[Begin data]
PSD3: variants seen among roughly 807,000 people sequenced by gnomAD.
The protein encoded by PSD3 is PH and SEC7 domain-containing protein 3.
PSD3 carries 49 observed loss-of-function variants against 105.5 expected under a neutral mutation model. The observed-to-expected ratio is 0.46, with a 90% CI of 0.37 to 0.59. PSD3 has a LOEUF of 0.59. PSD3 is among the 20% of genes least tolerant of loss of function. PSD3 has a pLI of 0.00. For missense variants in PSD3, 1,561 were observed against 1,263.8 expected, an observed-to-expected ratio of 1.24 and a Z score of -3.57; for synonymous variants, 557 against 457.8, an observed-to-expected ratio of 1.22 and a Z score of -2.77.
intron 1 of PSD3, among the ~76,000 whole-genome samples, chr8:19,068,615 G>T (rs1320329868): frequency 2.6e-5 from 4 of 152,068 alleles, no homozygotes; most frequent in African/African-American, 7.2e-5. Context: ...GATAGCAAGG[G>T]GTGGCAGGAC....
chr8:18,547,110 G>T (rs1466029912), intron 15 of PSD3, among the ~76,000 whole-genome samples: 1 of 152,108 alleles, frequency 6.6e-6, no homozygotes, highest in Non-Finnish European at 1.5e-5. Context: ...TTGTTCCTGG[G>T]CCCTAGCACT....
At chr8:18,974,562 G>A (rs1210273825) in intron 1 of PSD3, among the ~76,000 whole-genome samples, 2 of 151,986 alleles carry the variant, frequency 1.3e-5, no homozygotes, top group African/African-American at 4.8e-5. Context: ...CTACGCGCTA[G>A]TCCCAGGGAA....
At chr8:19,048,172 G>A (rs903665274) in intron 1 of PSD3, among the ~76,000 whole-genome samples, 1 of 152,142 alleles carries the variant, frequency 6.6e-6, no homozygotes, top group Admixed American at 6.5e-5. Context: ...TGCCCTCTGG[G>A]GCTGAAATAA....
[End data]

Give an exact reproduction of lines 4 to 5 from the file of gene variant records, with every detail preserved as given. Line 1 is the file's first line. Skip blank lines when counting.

intron 1 of PSD3, among the ~76,000 whole-genome samples, chr8:19,068,615 G>T (rs1320329868): frequency 2.6e-5 from 4 of 152,068 alleles, no homozygotes; most frequent in African/African-American, 7.2e-5. Context: ...GATAGCAAGG[G>T]GTGGCAGGAC....
chr8:18,547,110 G>T (rs1466029912), intron 15 of PSD3, among the ~76,000 whole-genome samples: 1 of 152,108 alleles, frequency 6.6e-6, no homozygotes, highest in Non-Finnish European at 1.5e-5. Context: ...TTGTTCCTGG[G>T]CCCTAGCACT....